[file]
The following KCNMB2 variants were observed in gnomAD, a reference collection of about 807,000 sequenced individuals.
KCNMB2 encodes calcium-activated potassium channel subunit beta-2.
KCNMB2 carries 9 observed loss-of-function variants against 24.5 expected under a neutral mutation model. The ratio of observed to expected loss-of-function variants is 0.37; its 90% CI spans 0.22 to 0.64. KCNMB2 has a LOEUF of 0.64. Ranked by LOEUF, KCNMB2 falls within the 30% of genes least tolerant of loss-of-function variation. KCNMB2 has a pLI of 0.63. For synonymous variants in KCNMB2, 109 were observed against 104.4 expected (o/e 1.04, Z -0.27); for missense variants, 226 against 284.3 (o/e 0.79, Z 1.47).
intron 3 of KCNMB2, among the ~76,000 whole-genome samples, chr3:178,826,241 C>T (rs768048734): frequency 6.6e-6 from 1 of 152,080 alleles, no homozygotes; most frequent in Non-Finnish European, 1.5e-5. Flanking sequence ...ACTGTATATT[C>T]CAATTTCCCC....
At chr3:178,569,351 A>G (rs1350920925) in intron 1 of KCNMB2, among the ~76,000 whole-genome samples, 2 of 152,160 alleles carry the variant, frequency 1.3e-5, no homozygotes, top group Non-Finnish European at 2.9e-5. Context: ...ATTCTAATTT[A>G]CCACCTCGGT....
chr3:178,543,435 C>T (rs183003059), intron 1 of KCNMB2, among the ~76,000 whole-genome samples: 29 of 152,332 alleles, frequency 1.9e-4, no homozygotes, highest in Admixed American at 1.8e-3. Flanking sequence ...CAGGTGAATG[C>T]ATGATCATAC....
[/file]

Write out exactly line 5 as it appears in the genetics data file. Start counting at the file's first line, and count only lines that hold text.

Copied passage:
At chr3:178,569,351 A>G (rs1350920925) in intron 1 of KCNMB2, among the ~76,000 whole-genome samples, 2 of 152,160 alleles carry the variant, frequency 1.3e-5, no homozygotes, top group Non-Finnish European at 2.9e-5. Context: ...ATTCTAATTT[A>G]CCACCTCGGT....